You are no longer a tourist, this is your home now

26 Sep

I am starting to feel less like a tourist and more like someone who belongs to the culture of Tanzania. Lately, our group has really been immersing ourselves in to the local lifestyle. We have gone to both a cultural Iraqw and Masaai boma, learned how to fight with sticks from one of our Masaai staff members, bartered more at the market places, volunteered at the orphanage and spent time with the teenagers at the secondary school. These aren’t experiences that a normal foreigner seeks out and I am so glad that these opportunities have been presented to me.

By spending time with the locals here, I have had the opportunity to compare the Masaai and Iraqw culture to that of the US. People aren’t materialistic here. They work hard for the essentials, make what they don’t have and are happy just to be alive. I was told by a friend who previously spent time here, “Nothing in the US will be good enough for you when you get back.” How could that be? We have everything in the US: cars, money, mansions, free schooling, hospitals. I’ve only been here for 3 weeks but I’m slowly starting to see that statement to be true. The US is too processed. There is little sense of togetherness. When was the last time you walked down the street and had a child run up to you for a hug? Or have been greeted by every person you passed? That doesn’t often happen in the US.  Many advert their eyes and turn away from those that need help most.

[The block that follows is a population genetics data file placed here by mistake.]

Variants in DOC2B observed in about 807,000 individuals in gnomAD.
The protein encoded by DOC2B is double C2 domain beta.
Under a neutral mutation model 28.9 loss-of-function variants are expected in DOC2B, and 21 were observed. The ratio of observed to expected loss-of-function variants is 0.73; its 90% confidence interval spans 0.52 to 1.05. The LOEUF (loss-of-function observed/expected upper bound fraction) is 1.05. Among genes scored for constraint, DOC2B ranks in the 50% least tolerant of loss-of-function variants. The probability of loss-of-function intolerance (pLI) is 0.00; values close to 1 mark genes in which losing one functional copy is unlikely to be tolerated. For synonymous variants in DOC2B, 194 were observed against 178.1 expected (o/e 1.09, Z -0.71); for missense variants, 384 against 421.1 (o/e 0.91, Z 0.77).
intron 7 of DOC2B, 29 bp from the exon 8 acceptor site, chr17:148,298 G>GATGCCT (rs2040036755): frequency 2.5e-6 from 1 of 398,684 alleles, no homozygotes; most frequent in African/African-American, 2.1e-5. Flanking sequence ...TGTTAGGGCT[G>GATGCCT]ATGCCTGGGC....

The best experience I’ve had so far was going to the local orphanage. About 30 children resided there, ranging in age from 1-9 years old. Their parents have all passed away from HIV/AIDS. Thankfully, the children of the orphanage are HIV free but over one million Tanzanians aren’t as lucky. Of those affected, 140.000 are children and only about 8% are receiving treatment. The children of that orphanage don’t know the reality they will grow up in but they do know that you’re there to play ball with them, or to push them on the swing. For our community service project, we bought paint and painted their rooms. It was  fun for us but something that really needed to be done for them. I also contributed by paying ~$25 for a painting that I could have bought for $3 in the market place. I asked how the money will be spent and they told me the money I donated would feed a lot of the children for over a month!

Another eye opener was the Diego Day Secondary School. This school is for those children who have families that can afford to send them past primary school. In a society where manpower comes from family members, not people you hire, it is a hard decision to put money towards a future goal that may cause you to struggle in the present.

Since I have been here, I have let go of what values I thought I had, opened my mind and heart to new experiences and really let myself be in Africa. I hope that other people have the chance to come to the awareness that I have. Become a member of the country you’re in, not just a tourist. It’s nice to know that I really do have a home away from home.

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One Response to “You are no longer a tourist, this is your home now”

  1. epotratz October 5, 2011 at 3:59 pm #

    There is nothing like having watoto run up to you to hold your hand and give you a hug! Sounds like you are having a great time! Enjoy:)

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